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As a self-proclaimed “survivor” of Panhellenic recruitment this fall, I feel as if I should have some semblance of an opinion regarding my experience. Following fall and winter recruitment each year, this paper’s opinion section often fills with “obligatory” post-rush columns. While these pieces more often than not rail against the Greek system’s aura of exclusivity and slam the superficiality of the recruitment process, I would like to offer an alternative view. Despite its well-publicized faults, sorority recruitment can breed camaraderie, not animosity.
While I do think Greek leaders should work to make the Greek community more inclusive toward those who identify as gender nonconforming, I think all houses going coed would be a rash response. Despite their many merits, coed houses do not currently provide the same range of social and philanthropic opportunities as single-sex houses. It is possible that other houses may lose this range should they go coed, weakening the system as a whole. Additionally, there are certain merits surrounding camaraderie and, in the case of sororities, female-dominated spaces (and the accompanying social empowerment) that are found in single-sex organizations — the same merits that prompt individuals to pursue other single-sex opportunities such as Boy Scouts and Girl Scouts or a single-sex education. As someone who always found it easier to make friends with girls and as a result had a disproportionately large amount of female friends growing up, I have enjoyed the newfound sense of brotherhood and male friendship that I have already experienced since joining my fraternity last week.
The College is preparing to search for a new ombudsman. While the office is closed, staff with grievances have been redirected to human resources or the faculty and employee assistance program.
A contagious skin condition has reached five Dartmouth-Hitchcock Medical Center patients and employees.
Sleeping habits take a hit during the third and fourth weeks of term, as the midterm period and deadlines seize the student body — what’s anything but news to students was validated in a study by computer science professor Andrew Campbell, based on data collected in spring 2013.
Last week, the TransCanada Corporation took the latest step in a six-year relicensing process for the Wilder Dam, which spans the Connecticut River between Lebanon and Hartford. Wilder is the largest of five Connecticut River dams – three of which are operated by TransCanada – up for relicensing in 2018, a process that has sparked discussion about the dam’s environmental impact.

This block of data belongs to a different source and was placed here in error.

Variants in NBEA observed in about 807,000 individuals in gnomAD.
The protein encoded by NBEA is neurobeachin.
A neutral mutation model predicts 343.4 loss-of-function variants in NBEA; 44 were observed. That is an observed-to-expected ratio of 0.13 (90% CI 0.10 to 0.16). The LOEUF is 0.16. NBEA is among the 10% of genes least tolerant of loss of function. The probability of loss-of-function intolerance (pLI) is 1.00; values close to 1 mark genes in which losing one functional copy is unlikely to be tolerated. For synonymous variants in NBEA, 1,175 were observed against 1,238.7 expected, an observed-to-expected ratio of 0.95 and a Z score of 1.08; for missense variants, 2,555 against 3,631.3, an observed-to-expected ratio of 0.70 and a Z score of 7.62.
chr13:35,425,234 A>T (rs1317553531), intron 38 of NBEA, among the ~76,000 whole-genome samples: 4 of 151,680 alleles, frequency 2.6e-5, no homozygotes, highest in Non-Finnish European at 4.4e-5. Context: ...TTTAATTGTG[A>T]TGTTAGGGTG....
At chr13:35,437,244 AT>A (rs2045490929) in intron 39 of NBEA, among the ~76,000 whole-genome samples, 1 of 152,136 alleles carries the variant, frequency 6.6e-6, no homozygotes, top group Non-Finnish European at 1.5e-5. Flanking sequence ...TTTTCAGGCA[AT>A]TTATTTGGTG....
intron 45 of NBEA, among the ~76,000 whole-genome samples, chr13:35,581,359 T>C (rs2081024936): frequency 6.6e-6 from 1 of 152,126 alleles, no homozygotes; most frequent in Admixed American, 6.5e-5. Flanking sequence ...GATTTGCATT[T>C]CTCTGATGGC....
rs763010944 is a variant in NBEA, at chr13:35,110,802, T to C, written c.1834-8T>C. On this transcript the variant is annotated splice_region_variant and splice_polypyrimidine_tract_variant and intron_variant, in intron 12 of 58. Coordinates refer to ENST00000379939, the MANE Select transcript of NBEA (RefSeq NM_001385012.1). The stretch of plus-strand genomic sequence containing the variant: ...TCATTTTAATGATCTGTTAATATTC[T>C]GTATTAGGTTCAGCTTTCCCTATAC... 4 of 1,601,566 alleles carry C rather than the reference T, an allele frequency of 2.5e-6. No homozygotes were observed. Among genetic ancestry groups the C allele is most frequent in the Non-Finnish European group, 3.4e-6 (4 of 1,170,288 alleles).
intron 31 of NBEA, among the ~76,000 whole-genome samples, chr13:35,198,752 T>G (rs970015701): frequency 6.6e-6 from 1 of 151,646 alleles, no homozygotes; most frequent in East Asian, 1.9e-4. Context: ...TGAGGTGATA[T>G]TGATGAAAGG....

The men’s soccer team extended its unbeaten streak to seven games in the first leg of a four-game homestand with a dominating 3-1 win over Central Connecticut State University on Tuesday night.
Beginning with one of Mozart’s few pieces in B minor and finishing with one of Schumann’s last piano works, world-renowned pianist Richard Goode will perform a program Wednesday evening that spans the 18th and 19th centuries.
Few people have heard of — yet alone seen — water treatment pollution caused by paper mills. Even fewer have seen such damage from the sky and called it art. Yet for world-renowned photographer and current Montgomery Fellow Emmet Gowin, a certain fascination and peculiar sense of beauty comes in the circular blossoms of tropical hues that explode from the seemingly serene water.
It’s no secret that Dartmouth students don’t exactly flock to the bars in town when the weekend rolls around. While there have been somewhat-secret “hot spots” for upperclassmen (RIP 3 Guys Trivia Tuesdays), the largely underage student body remains pretty unaware of what lies just south of Wheelock Street. In order to unveil the mystery, two of the senior-iest Dartbeat writers were assigned to investigate. With “alcohol expert” Helen Pfeiffer ’16 in tow, we set out on Friday night with our work cut out for us. Hey, maybe this will become the new senior year circuit?
A task force of 10 faculty members will explore ways to form a more cohesive graduate program at the College, Provost Carolyn Dever announced last week.
Andrew Davidson, who will serve as the College’s new vice president for development starting Dec. 1, said he feels Dartmouth is positioned for a “terrific stretch.” As an external hire, Davidson said he will bring both experience and new energy to the College’s advancement division.
A performance by Los Angeles-based Las Cafeteras and two events focused on immigration anchor the College’s second annual celebration of Latino Heritage Month, with programming throughout October. While academic departments planned many of last year’s events, allowing for a larger overall budget, students took the lead this year, drawing primarily on Council on Student Organizations and the Special Programs and Events Committee funding.
Armed with little more than video cameras and an Internet connection, a handful of innovators are tearing down the cloistered gates that have long enclosed elite higher education. Their strategy is simple: unite the pedagogy of a talented teacher with the ubiquity of a wireless signal.